Turley: Three Ways Kavanaugh-Ford Hearing Could Play Out
GOP senators will be in 'tough spot' questioning accuser.
Legal expert Jonathan Turley said there are three ways a public hearing with Supreme Court nominee Brett Kavanaugh and his sexual assault accuser could play out.
Lawmakers have invited Kavanaugh and his accuser, Christine Blasey Ford, to testify about her allegation that he assaulted her at a high school party in the 1980s. This postpones Thursday's key confirmation vote and sets up a dramatic showdown in a hearing on Monday.
On "Fox & Friends" Tuesday, Turley, a George Washington University constitutional law professor, said the first way the hearing could play out is the "A Few Good Men" scenario, in which Ford breaks on the stand under questioning like Jack Nicholson's character in the 1992 film.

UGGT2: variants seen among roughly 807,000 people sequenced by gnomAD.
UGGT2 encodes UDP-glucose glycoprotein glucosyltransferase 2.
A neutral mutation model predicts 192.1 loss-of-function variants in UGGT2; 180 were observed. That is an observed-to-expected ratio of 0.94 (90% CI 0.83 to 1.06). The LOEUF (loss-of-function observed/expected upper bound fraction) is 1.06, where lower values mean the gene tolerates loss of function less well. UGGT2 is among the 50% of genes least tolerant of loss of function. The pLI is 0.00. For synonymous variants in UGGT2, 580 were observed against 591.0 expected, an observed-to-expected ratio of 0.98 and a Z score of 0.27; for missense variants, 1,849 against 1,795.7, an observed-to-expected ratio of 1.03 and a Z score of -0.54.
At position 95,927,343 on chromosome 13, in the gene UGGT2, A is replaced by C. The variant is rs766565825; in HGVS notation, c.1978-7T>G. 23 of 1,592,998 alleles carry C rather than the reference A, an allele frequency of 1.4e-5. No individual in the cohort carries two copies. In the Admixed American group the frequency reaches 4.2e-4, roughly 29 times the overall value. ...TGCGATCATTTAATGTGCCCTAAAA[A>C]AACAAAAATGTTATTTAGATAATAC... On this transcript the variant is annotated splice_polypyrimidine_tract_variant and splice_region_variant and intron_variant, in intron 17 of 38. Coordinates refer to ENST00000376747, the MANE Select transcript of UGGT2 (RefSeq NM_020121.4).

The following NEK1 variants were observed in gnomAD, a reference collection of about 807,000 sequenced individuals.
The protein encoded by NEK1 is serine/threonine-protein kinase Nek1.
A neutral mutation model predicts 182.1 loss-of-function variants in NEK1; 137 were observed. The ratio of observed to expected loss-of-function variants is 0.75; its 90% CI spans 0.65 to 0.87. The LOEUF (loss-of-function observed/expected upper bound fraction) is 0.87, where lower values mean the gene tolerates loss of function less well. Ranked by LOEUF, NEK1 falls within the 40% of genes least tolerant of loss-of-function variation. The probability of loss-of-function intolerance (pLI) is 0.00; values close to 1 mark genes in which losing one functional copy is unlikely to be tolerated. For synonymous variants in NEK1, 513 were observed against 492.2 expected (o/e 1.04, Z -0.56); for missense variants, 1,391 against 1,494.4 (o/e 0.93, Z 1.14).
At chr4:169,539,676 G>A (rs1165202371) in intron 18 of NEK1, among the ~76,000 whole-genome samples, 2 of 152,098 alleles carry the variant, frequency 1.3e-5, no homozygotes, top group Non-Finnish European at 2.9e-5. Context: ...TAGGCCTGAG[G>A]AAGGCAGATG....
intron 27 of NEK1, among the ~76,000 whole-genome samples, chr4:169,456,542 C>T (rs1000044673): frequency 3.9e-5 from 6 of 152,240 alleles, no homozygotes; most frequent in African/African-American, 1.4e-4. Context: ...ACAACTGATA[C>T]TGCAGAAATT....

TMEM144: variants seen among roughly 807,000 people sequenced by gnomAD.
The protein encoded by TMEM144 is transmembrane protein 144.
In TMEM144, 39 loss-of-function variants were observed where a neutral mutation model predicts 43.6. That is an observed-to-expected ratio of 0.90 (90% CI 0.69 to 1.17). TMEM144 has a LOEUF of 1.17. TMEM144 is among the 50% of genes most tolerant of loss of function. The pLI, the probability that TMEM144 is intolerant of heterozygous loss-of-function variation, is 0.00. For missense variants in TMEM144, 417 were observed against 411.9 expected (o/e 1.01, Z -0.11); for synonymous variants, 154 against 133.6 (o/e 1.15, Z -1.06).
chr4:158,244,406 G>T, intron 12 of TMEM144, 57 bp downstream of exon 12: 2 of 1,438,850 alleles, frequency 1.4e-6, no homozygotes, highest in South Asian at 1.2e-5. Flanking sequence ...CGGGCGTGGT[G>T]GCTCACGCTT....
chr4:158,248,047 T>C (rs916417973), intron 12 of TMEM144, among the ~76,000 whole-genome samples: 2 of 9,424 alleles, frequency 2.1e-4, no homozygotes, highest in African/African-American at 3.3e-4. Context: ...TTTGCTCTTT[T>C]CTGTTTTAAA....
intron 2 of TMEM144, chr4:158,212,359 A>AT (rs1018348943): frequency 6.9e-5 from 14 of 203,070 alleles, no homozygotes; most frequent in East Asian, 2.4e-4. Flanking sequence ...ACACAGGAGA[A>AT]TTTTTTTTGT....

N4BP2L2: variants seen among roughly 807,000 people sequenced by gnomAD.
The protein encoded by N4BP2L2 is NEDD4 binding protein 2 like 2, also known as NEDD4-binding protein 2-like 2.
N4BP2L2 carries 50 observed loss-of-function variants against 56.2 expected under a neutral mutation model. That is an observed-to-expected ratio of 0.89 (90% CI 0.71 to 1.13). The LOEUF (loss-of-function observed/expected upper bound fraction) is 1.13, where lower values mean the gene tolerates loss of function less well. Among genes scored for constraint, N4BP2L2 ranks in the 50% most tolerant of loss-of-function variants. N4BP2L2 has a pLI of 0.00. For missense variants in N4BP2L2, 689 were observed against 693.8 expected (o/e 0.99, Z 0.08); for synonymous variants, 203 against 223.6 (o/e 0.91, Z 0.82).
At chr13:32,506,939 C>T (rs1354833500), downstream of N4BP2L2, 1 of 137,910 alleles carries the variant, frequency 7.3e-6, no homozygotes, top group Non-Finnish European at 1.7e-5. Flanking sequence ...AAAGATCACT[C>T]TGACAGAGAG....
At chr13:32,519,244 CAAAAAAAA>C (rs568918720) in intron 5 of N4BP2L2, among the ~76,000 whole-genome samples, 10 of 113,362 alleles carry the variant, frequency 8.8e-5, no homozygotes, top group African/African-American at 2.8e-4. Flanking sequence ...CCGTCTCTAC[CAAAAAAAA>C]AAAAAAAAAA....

"The problem is, this isn't some powerful Marine general. This is someone who is claiming to be the victim of an attempted rape," Turley said. "Moreover, it isn't 'a few good men' on the committee, it's all men."
He said that will make for very difficult optics for Republican lawmakers, particularly in the current #MeToo climate.
Turley said the second possibility for the hearing is a "The Caine Mutiny" scenario, in which Kavanaugh -- who has called Ford's allegation "completely false" -- breaks behind the witness table by appearing uncertain and paranoid, like Humphrey Bogart's character in the 1954 film.
He said the third scenario is a "tie," which is also not good for Kavanaugh, as the public is likely to find Ford's account more compelling, particularly if Republicans are hesitant to press her.
"It's going to be real tough if this thing ends up as a he said-she said," Turley said.
"When you have a case where someone is alleging a sexual assault or a rape, either that person is a victim or that person is a liar, and you don't have any midpoint. If you finish midpoint, the jury tends to rule against the defendant."
When Brian Kilmeade asked Turley what chance he gives Kavanaugh's nomination of moving forward, the law professor responded, "Exactly 50-50."
Watch more from Turley above.